Above all, remember that you’re a climber. –Paul Morley from SECC
At the end of March, Brian and I flew down to Vegas for the Access Fund Summit. Brian had been the previous year, but this was my first time. And my expectations were blown away.
Brian had looked up the building we were meeting in in Blue Diamond, which is just outside the city, and he joked that it looked like an igloo. Ironically, it turned out to be the coldest building I’ve ever spent time in. This includes my office, where I am forced to wear a sweater during 100+ degree
It was worth every freezing minute.
I knew I liked these people as soon as I saw they’d included nutella in the breakfast spread. We began with introductions and then a panel discussion. Next, Brian led a discussion on partnering with federal agencies, and then
Some key ideas I noted:
-Hold climbing season movie nights or slideshows to build community.
-Friends of J-Tree sponsors “Climbers’ Coffee” where they fund the materials for park services to host the event…this builds their relationships.
-An MOU (memorandum of understanding) lets you be the voice for your group.
-There are a variety of ideas for membership. Some groups prefer to do lifetime membership to simplify the process and focus on other events instead of the constant effort to renew members.
-It’s useful to partner with other outdoor groups. Home owners may also be interested in your efforts.
-There will be people who misuse resources…try to outnumber them with good deeds.
-Volunteering to do work for the park services is a win-win. They get credit for your volunteer hours. Volunteering also leaves everyone with a feeling of ownership for the area.
-Holding a retreat for your board helps everyone focus and plan the goals.
-Discussed the Freedom of Information Act and how it’s helped in many situations. Similar policies exist under different names at the state level.
-Focus on the job spin to get government attention…if developing your area will affect the job situation positively, point that out!
-Don’t do events that compete with guide services.
-We need to work on linking to each other’s LCO websites.
After a delicious lunch that Amy arranged, and a quick thaw outside in the sun, we returned for the afternoon session. Steve discussed NEPA, the National Environmental Policy Act, and armed us with some great materials to take home. Jason talked about fixed anchors after that. I learned that federally designated wilderness is defined as not allowing mechanized (like mountain bikes) or motorized (like drills) equipment in the grounds. Federal services include Park Service, Forest Service, BLM, and Fish & Wildlife territory.
Finishing in the early afternoon, we took a quick group pictures and made a move out to the rocks! The majority of us rolled into Calico and spread out. I was already impressed by my peers, but this is where I became really impressed. I have never experienced a group of so many people, who had mostly just met, climbing so well together. But it was really that simple. We were all ecstatic to be there, playing on incredible rock in a new place.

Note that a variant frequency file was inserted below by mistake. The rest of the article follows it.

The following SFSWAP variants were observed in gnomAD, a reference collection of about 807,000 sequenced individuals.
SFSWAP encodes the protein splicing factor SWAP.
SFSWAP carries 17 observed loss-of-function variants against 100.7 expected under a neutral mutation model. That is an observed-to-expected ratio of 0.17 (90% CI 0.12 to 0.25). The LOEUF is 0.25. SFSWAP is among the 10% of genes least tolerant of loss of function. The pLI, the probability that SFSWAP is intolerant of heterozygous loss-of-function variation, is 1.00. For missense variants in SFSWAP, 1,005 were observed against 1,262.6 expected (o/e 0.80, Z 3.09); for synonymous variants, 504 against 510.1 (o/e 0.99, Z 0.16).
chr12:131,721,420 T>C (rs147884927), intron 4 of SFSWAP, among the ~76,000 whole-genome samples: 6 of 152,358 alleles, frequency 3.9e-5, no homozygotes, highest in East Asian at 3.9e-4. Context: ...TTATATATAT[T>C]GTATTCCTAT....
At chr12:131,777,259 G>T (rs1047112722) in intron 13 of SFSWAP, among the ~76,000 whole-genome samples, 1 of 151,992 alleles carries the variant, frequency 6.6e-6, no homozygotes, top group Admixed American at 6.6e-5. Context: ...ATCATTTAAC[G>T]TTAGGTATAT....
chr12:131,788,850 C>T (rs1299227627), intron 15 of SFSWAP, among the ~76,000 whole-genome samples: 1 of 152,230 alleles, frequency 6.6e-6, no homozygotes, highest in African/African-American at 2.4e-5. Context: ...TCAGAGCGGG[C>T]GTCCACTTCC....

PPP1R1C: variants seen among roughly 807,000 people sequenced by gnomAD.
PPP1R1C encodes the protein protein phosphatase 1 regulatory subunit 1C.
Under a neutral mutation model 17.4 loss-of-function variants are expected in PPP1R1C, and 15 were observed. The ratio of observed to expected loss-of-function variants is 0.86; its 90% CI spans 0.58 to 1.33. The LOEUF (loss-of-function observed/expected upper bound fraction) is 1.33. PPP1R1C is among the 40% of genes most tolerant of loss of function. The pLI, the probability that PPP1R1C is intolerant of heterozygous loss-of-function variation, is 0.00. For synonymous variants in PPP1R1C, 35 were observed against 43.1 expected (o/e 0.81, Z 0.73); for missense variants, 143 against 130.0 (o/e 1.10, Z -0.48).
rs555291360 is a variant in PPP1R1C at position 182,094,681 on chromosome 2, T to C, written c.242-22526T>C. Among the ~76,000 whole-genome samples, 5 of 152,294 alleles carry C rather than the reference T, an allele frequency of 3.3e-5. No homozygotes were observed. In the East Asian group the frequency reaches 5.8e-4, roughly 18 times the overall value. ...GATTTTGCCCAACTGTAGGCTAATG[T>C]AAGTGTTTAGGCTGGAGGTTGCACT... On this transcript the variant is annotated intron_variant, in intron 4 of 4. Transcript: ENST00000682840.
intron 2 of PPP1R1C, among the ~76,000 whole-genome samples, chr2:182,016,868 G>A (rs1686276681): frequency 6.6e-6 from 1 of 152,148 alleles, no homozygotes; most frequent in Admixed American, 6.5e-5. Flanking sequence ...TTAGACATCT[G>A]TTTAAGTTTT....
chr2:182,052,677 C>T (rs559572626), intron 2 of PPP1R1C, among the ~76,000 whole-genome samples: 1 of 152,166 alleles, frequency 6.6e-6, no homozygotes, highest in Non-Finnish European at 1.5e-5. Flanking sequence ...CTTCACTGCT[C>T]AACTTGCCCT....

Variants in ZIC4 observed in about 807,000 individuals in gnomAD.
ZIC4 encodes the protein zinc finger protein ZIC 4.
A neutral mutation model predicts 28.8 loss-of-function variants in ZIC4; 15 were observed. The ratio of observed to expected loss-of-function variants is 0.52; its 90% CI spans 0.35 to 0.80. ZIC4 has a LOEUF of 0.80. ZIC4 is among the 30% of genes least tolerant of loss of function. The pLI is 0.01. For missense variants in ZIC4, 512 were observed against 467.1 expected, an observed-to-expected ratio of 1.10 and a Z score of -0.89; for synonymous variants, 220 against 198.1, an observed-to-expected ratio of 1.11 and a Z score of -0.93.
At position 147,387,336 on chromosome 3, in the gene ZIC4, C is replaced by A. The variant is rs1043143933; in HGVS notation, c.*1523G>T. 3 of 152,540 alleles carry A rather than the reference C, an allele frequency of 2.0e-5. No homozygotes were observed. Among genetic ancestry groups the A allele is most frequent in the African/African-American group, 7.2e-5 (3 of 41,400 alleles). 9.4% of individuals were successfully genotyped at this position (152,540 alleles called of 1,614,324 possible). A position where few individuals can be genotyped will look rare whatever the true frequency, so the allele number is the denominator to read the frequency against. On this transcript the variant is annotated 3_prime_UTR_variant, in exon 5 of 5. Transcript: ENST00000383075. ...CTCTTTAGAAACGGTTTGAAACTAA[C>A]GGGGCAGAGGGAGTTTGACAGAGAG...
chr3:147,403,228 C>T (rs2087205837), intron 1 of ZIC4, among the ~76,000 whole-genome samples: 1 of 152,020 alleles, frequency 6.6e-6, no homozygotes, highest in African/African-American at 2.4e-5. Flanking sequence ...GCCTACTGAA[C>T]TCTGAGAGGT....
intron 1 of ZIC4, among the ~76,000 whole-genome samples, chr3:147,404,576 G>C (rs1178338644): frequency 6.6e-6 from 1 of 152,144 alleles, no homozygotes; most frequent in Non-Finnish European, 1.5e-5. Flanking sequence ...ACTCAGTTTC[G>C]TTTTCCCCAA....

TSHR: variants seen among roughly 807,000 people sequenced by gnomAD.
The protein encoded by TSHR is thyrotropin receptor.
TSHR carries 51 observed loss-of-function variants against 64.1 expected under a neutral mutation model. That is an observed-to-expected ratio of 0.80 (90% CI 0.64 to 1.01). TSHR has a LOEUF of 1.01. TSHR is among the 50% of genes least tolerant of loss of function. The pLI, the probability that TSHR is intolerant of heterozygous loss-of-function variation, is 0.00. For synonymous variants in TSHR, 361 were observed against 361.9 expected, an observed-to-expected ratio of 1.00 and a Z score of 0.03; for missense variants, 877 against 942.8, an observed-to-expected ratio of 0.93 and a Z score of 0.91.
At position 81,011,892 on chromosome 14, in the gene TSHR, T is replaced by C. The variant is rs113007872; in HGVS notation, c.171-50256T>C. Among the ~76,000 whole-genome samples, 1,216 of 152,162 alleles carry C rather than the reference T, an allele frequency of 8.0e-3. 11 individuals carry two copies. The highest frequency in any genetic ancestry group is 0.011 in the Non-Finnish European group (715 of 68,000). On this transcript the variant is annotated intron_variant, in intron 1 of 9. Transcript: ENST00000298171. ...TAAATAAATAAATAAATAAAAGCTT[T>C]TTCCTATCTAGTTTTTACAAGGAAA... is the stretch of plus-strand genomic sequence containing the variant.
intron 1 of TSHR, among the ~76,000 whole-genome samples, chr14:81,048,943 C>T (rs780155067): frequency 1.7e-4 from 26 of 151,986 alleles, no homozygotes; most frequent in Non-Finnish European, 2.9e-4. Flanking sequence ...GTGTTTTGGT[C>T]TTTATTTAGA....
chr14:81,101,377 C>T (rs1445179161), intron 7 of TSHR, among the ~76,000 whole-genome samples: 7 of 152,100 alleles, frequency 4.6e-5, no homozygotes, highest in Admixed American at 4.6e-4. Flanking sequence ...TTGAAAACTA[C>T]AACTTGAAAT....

Within very little time we had a wall of top ropes set up so the majority of people could rotate and climb their fill, while those who had fit ropes into their luggage led harder climbs on the other three sides of the rock. I haven’t “warmed up” on a hard 11 in a long time…these folks weren’t messing around! Special thanks to the locals that quickly told us where to go and what was what. I loved getting to climb with so many new people who adore the sport.
Sunday morning was kicked off by Paul’s “Strength and Motivation” presentation, appropriate for someone who had gotten up at 5:30am to try to send a problem before the session started. The SECC is one of the more accomplished LCOs, and hearing what the experienced organizations have been able to accomplish was truly inspiring. The idea that we could purchase land to preserve climbing…wow. These groups are making the unbelievable happen.
Kevin and Greg followed this with a discussion on handling raptors and proposed closures. I learned a lot and was really impressed by the amount of work that the San Diego LCO has put into this. Another expert from the east coast, Anthony, spoke about climbing management plans, and then Jason & Doug talked about planning and historic designations. (Note to self: definitely go climb at City of
A few more things I noted:
-“Teamworks” teaches kids about conservation by creating friendly competition.
-Discussed insurance options…something we all need to consider
-Seasonal newsletters are a good way to stay in touch
-Climbing with different people from your normal crew gives you new perspectives on your community and its needs.
-Compromising with a raptor advisory is better than a closure if the birds aren’t at risk
-Don’t forget local university resources
-State Historic Preservation Office could be useful
-Have a personal mission as well as your org’s mission
Overall, an amazing weekend full of great knowledge and energetic, motivated climbers. Thanks to Amy, Brady, and Dean from the Access Fund for putting together such a great event!